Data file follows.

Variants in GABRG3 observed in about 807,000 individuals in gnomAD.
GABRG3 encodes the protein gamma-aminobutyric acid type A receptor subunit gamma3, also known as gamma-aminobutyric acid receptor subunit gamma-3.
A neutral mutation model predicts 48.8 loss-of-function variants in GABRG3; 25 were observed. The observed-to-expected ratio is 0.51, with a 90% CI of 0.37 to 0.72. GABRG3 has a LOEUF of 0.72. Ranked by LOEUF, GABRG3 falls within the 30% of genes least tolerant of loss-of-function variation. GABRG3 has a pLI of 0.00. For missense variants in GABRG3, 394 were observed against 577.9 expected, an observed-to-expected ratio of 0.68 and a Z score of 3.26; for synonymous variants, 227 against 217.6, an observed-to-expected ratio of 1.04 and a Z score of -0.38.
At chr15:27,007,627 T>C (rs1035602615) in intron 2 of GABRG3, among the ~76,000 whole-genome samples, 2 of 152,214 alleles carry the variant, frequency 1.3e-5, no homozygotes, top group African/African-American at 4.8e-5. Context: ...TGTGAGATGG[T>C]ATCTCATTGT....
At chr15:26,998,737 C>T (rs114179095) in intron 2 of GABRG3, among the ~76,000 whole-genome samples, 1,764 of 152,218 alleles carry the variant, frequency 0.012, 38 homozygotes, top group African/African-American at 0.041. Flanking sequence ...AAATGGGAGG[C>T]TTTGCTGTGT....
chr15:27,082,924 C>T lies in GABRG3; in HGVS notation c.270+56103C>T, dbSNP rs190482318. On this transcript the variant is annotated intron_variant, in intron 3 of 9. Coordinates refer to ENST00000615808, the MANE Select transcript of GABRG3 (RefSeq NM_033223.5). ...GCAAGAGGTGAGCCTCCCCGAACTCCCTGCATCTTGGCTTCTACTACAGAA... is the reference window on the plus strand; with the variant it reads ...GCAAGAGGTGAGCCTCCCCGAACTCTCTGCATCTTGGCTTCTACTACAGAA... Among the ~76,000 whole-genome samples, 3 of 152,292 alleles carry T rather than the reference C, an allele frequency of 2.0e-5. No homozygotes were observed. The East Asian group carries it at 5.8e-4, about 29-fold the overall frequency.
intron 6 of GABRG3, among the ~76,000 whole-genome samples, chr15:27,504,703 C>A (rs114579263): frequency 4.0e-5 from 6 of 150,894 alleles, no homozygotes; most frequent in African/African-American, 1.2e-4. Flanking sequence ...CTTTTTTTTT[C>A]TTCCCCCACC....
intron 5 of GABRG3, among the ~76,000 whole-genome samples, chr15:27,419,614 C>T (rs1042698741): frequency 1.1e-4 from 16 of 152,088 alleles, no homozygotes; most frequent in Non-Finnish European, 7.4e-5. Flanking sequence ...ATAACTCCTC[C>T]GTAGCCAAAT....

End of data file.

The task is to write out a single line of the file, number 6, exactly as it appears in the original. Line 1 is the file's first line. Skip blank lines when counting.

chr15:27,082,924 C>T lies in GABRG3; in HGVS notation c.270+56103C>T, dbSNP rs190482318. On this transcript the variant is annotated intron_variant, in intron 3 of 9. Coordinates refer to ENST00000615808, the MANE Select transcript of GABRG3 (RefSeq NM_033223.5). ...GCAAGAGGTGAGCCTCCCCGAACTCCCTGCATCTTGGCTTCTACTACAGAA... is the reference window on the plus strand; with the variant it reads ...GCAAGAGGTGAGCCTCCCCGAACTCTCTGCATCTTGGCTTCTACTACAGAA... Among the ~76,000 whole-genome samples, 3 of 152,292 alleles carry T rather than the reference C, an allele frequency of 2.0e-5. No homozygotes were observed. The East Asian group carries it at 5.8e-4, about 29-fold the overall frequency.